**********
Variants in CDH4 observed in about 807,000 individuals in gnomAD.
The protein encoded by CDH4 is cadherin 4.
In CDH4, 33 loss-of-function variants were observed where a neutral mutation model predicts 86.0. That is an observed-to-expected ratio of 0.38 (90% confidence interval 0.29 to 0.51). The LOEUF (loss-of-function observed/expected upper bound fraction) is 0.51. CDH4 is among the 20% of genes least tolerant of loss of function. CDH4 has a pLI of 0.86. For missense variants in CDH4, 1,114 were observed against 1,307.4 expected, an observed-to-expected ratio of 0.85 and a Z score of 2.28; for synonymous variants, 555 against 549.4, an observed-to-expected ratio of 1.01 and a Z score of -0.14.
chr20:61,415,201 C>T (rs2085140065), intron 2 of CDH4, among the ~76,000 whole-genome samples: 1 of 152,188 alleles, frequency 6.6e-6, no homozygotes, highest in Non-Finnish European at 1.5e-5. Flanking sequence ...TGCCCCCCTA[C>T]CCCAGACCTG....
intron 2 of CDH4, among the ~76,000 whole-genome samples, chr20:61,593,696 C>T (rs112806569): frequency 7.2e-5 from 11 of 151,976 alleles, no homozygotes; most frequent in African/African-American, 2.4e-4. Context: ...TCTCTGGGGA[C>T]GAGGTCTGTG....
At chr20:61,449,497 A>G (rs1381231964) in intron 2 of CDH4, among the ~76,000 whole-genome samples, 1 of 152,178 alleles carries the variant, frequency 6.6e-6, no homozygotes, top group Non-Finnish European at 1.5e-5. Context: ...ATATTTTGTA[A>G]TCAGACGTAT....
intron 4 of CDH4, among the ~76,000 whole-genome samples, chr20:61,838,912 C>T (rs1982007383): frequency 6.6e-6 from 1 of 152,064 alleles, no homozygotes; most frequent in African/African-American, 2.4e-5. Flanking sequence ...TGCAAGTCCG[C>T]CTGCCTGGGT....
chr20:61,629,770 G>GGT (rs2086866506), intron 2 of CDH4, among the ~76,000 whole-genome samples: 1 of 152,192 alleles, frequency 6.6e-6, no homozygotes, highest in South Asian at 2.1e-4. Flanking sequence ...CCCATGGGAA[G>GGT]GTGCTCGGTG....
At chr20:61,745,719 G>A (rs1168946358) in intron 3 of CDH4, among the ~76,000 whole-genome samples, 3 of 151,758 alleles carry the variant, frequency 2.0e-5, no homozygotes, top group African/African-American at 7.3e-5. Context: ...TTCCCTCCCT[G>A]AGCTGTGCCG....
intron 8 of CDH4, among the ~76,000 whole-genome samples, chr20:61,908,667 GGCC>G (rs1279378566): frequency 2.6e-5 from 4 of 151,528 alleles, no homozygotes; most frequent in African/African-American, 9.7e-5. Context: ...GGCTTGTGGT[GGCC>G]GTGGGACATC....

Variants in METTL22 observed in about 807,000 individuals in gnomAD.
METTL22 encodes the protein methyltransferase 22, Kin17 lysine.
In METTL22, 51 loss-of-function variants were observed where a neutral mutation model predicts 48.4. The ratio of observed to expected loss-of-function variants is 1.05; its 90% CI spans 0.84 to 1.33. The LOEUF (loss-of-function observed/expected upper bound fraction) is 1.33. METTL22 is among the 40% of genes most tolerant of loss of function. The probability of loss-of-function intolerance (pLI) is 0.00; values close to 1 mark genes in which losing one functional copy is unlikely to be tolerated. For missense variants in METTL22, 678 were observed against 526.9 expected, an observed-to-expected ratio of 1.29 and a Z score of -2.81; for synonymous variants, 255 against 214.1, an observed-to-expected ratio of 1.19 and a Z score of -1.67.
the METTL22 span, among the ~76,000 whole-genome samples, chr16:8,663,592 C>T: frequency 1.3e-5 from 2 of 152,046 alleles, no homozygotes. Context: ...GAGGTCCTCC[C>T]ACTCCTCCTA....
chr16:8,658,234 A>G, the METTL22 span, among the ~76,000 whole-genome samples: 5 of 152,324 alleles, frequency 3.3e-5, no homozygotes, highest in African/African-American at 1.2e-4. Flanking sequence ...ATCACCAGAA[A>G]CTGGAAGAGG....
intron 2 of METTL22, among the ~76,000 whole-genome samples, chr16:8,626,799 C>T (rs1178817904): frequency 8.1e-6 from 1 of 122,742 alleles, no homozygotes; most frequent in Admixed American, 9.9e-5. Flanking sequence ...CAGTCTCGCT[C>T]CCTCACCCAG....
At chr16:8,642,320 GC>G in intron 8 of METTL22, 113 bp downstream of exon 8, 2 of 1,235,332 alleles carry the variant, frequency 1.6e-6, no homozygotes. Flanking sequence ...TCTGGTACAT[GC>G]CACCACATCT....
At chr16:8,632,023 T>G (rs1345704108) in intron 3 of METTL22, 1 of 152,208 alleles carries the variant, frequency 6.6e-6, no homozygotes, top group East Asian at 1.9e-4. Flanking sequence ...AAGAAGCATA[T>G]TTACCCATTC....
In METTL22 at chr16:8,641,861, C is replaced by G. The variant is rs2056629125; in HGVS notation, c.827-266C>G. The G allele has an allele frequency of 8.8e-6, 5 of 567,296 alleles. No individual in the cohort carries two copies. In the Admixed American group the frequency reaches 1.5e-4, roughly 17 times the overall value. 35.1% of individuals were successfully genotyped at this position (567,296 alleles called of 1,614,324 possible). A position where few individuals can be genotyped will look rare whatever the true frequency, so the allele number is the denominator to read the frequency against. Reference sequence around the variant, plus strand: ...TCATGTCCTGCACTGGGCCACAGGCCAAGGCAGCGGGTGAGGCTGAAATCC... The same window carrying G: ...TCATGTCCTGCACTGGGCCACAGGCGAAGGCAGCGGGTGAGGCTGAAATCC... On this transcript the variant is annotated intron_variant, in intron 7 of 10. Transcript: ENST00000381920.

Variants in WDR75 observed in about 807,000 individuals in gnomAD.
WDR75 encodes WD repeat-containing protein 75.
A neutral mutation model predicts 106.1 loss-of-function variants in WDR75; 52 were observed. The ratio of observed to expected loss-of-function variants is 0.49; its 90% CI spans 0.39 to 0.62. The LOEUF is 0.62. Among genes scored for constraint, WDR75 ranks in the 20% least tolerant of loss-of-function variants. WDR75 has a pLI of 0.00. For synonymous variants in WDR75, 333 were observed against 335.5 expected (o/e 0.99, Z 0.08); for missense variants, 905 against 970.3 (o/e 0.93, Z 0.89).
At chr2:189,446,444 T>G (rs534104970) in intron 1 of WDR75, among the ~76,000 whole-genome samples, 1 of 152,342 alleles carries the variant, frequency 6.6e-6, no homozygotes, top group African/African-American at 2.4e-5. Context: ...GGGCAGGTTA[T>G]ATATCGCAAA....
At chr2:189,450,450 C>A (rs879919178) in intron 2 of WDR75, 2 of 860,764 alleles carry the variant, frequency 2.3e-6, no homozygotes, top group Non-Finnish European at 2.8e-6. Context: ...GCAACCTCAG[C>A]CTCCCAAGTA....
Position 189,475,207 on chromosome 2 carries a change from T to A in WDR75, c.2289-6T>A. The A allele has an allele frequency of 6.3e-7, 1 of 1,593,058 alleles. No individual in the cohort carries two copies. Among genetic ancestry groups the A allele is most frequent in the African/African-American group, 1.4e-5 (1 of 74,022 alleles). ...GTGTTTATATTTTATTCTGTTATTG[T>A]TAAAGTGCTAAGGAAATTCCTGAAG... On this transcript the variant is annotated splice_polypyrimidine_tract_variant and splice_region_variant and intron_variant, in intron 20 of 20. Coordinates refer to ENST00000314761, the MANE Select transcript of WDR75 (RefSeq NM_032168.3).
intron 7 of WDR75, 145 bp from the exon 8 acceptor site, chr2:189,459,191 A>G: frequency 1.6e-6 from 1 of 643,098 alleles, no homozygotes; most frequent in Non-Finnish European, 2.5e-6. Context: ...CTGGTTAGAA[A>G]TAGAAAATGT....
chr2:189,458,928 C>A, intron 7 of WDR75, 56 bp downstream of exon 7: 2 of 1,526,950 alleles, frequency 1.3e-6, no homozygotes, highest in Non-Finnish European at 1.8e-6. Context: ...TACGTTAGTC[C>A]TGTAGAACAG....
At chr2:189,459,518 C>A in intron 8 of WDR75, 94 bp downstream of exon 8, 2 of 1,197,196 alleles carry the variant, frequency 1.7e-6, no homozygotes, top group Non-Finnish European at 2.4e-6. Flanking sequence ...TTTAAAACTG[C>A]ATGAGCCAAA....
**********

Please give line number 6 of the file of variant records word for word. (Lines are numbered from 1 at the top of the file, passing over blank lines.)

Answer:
At chr20:61,449,497 A>G (rs1381231964) in intron 2 of CDH4, among the ~76,000 whole-genome samples, 1 of 152,178 alleles carries the variant, frequency 6.6e-6, no homozygotes, top group Non-Finnish European at 1.5e-5. Context: ...ATATTTTGTA[A>G]TCAGACGTAT....